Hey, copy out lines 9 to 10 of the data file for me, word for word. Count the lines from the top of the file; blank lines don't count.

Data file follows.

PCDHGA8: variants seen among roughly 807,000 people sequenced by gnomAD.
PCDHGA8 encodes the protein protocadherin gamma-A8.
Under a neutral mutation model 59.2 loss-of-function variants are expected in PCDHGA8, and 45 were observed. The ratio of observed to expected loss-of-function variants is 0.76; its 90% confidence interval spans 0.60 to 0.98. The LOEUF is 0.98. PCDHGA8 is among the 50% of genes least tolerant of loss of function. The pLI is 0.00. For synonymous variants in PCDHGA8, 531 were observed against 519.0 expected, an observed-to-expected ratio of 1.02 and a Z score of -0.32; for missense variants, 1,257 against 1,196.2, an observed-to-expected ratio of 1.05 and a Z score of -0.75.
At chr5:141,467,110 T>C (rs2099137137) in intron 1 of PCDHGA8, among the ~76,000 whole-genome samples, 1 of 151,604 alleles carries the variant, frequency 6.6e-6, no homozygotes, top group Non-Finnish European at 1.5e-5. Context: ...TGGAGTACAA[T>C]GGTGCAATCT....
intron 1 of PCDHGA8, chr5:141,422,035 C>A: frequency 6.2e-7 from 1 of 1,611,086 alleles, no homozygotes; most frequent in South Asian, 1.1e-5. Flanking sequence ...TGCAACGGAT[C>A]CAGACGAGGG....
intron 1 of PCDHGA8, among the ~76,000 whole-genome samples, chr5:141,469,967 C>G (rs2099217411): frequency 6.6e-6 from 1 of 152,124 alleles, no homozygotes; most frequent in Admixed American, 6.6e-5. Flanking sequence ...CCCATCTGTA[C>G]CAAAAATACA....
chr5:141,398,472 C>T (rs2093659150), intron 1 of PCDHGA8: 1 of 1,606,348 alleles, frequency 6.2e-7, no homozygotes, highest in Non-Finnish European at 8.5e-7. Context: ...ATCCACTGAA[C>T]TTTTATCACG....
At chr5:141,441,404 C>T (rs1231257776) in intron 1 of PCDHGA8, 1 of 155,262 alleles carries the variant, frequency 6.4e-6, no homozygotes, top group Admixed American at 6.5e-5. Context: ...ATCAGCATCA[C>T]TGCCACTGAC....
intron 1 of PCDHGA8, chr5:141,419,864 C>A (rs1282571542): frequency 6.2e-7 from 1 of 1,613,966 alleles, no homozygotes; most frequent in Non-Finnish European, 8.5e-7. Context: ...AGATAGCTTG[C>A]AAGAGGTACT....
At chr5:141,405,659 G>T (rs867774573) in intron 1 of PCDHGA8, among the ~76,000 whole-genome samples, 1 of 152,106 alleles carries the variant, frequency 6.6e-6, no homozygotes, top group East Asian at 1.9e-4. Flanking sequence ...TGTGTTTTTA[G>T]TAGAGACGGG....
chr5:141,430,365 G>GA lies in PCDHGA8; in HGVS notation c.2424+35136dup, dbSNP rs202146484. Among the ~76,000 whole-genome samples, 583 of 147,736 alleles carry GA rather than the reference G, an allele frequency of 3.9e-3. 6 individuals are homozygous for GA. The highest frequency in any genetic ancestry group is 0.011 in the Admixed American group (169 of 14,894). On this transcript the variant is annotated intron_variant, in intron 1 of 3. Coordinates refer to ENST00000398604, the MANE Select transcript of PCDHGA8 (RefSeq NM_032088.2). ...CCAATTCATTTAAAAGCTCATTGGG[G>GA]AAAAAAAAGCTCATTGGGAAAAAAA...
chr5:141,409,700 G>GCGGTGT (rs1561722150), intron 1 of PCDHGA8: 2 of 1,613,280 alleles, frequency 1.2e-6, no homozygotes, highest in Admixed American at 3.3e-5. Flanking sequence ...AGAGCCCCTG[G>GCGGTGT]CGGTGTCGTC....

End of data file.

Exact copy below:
intron 1 of PCDHGA8, chr5:141,419,864 C>A (rs1282571542): frequency 6.2e-7 from 1 of 1,613,966 alleles, no homozygotes; most frequent in Non-Finnish European, 8.5e-7. Context: ...AGATAGCTTG[C>A]AAGAGGTACT....
At chr5:141,405,659 G>T (rs867774573) in intron 1 of PCDHGA8, among the ~76,000 whole-genome samples, 1 of 152,106 alleles carries the variant, frequency 6.6e-6, no homozygotes, top group East Asian at 1.9e-4. Flanking sequence ...TGTGTTTTTA[G>T]TAGAGACGGG....